CHIEF EDITOR – OGFJ
“Many of these young professionals have
found positions in other fields that aren’t
as vulnerable to commodity price cycles.
They have moved on with their lives and
won’t be returning to their old roles when
the industry transitions into an up cycle
again. This is especially unfortunate for
the industry because it comes at a time
when baby-boomers are starting to retire
in large numbers.”
Changing public perception
CONSULTING FIRM EY recently took a nationwide survey of US consumers and another
of energy executives and found that their views
about the oil and gas industry differed dramatically. As you might expect, the executives’ response was positive. However, US consumers,
especially the younger generations, expressed
largely negative reactions to questions about
the fossil fuel industry and its future.
Although consumers agree on the importance of oil and gas to the US economy and to creating jobs, fewer
than half of the consumers polled trust the industry or say they
would welcome it to their community. In addition, a majority
(53%) of consumers believe the industry causes more problems
than it solves.
“The energy industry is providing products the public de-
mands,” said Deborah Byers, US Energy Leader for EY. “But clearly,
The report shows that industry lead-
ers and consumers don’t always see eye
to eye, but there are some areas of agree-
ment. When asked whether oil and gas
should or should not be the primary
sources of energy in our lives or if oil and
gas should be the primary sources of energy in our lives until
cleaner fuels can replace them, both industry executives (78%)
and consumers (58%) agreed oil and gas should be the primary
sources of energy until clean fuels can replace them.
Interestingly, the survey showed that 75% of industry executives believe the industry does a poor job communicating with
the public. In fact, when presented with the survey findings, the
executives acknowledge the negative findings are the result of
poor – or absent – communication.
Teens and younger adults specifically expressed feelings of
being overlooked by the industry. In general, the younger the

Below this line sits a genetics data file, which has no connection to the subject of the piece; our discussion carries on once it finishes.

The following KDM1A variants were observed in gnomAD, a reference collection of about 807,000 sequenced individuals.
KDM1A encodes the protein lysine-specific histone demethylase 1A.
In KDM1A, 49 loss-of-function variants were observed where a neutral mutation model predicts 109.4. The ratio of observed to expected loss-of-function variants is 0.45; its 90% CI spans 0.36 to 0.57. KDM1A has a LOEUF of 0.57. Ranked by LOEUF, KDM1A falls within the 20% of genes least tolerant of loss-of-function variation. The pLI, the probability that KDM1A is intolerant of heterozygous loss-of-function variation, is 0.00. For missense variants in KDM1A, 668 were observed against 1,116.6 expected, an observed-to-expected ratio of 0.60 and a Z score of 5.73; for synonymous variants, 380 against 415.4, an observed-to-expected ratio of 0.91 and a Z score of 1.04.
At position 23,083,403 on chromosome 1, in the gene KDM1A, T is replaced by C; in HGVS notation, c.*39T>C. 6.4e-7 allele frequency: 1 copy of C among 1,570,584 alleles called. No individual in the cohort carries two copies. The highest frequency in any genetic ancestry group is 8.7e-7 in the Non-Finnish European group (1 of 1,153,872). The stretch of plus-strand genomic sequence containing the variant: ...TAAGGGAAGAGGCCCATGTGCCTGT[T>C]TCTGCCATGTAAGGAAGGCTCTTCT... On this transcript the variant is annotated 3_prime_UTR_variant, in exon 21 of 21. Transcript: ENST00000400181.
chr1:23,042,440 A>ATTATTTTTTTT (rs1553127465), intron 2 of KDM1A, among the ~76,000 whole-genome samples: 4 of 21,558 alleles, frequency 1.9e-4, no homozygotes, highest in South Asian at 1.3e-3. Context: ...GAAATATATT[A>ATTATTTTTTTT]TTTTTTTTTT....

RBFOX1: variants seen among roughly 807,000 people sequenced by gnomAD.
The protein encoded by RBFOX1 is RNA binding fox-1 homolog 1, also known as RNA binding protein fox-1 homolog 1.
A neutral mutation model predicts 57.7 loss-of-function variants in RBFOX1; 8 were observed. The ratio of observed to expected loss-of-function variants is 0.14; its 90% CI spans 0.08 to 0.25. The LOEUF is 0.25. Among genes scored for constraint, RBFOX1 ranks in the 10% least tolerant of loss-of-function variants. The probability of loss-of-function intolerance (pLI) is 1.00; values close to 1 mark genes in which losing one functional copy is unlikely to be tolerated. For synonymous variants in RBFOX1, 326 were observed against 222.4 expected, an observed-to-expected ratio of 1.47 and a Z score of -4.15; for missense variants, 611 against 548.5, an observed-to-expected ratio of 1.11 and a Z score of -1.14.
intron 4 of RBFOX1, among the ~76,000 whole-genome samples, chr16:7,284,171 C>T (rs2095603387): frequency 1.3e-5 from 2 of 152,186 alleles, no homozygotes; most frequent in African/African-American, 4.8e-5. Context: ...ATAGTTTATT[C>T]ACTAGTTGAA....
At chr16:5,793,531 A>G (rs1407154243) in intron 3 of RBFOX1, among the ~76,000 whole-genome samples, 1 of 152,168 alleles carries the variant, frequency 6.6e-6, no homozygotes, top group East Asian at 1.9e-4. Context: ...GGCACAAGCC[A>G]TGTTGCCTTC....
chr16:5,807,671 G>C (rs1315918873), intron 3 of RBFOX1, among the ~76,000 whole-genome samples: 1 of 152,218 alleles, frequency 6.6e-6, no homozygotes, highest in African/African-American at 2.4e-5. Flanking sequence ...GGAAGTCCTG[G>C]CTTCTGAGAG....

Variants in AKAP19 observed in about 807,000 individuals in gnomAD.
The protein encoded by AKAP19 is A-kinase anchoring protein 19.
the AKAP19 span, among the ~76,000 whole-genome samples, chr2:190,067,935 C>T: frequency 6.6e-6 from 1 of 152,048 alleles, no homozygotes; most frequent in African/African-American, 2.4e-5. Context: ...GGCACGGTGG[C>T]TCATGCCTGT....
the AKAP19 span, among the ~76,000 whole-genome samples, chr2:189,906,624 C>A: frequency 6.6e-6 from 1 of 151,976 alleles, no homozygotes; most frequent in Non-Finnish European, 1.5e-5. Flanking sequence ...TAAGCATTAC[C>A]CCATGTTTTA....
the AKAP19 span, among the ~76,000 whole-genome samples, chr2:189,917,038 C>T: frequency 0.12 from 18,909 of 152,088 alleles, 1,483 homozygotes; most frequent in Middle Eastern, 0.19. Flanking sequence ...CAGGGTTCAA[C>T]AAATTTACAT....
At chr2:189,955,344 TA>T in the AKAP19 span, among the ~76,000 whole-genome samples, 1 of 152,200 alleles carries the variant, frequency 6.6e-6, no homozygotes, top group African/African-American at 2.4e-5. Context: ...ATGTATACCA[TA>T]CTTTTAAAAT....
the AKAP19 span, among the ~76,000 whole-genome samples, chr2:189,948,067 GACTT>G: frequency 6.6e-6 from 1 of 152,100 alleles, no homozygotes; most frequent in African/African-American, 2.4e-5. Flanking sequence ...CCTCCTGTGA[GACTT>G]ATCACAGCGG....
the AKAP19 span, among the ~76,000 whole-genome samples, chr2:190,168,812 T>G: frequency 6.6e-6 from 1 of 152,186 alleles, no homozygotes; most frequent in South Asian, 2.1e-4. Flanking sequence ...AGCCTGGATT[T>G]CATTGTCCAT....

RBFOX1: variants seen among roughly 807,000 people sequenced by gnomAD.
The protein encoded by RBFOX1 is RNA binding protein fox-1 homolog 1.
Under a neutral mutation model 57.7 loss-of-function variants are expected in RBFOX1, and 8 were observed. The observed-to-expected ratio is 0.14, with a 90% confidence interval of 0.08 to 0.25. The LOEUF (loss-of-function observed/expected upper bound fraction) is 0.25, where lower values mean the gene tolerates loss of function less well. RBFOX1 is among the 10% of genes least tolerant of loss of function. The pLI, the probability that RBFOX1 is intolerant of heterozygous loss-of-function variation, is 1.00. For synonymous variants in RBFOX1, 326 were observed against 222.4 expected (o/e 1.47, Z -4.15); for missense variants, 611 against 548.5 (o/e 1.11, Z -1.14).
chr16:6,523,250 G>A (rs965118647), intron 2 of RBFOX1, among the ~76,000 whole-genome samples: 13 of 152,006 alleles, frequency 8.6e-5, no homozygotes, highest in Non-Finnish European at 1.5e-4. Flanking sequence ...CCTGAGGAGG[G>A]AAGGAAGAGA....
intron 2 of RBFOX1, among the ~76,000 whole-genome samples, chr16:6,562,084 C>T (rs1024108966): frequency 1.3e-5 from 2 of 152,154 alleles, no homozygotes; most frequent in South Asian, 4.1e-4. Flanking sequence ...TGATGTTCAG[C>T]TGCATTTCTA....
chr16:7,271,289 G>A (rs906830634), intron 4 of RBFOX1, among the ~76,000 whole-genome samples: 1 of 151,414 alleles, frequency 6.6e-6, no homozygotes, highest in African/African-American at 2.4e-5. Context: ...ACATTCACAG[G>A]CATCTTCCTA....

respondent, the less they agreed with the statement “Oil and gas
is good for society.” Only 3% of millennials see oil and gas as good
Is this a perception problem or is there something else going
On May 10, EY hosted a lunch meeting with reporters in
Houston to discuss the survey findings. The EY executives present
suggested that the problem was one of knowledge, or education.
If the public knew what the executives do, they would realize
that it is impossible to make such a rapid transition from hydro-
carbons to renewable energy.
“They don’t have as many of the facts,” said John Hartung, a
US strategy principal with EY. “The executives have run the
numbers, and the younger generations have not.”
This is correct, of course. Barring some amazing unforeseen
technology breakthrough, we simply cannot break away from
hydrocarbons in the next few decades. However, rapid strides
are being made, especially in the field of power generation, as we
transition away from coal towards cleaner fuels, which of course
includes natural gas.
Environmental concerns are not the only issue for the younger
generations of energy consumers, however. We would be selling
them short if we think this is their only problem the petroleum
industry. As a parent of two millennials, I know they are intelligent
enough to look at the total picture. They have observed the cyclical nature of the oil and gas industry as some of their friends have
pursued careers in the industry only to be cast aside ( first in, first
out) during a downturn. Many of these young professionals –
Another reason young people have a
dim view of the oil and gas industry is that they see that compensation is not always based on performance, especially in the
executive ranks. It’s not uncommon for CEOs and other top executives to actually see their pay increase during a downturn
when the company is not profitable.
Consumers and company stakeholders aren’t blind to this.
Investors recently rejected a compensation plan for ConocoPhillips’ top executives, signaling disapproval of the company’s pay
levels last year. A spokesman for the company expressed his
disappointment that the proposal didn’t pass and said the company planned to engage with their shareholders to better understand their views regarding the executive pay packages.
EY is correct in saying that the industry needs to do a better
job of informing the public about the importance of oil and gas.
The consultants are also right when they suggest the need to find
common ground that oil and gas companies can build upon to
increase consumer acceptance and appreciation for what they
provide. However, we should also consider that some of the divide
between the public and the industry is not just a PR problem – it’s
a real problem that the companies need to address.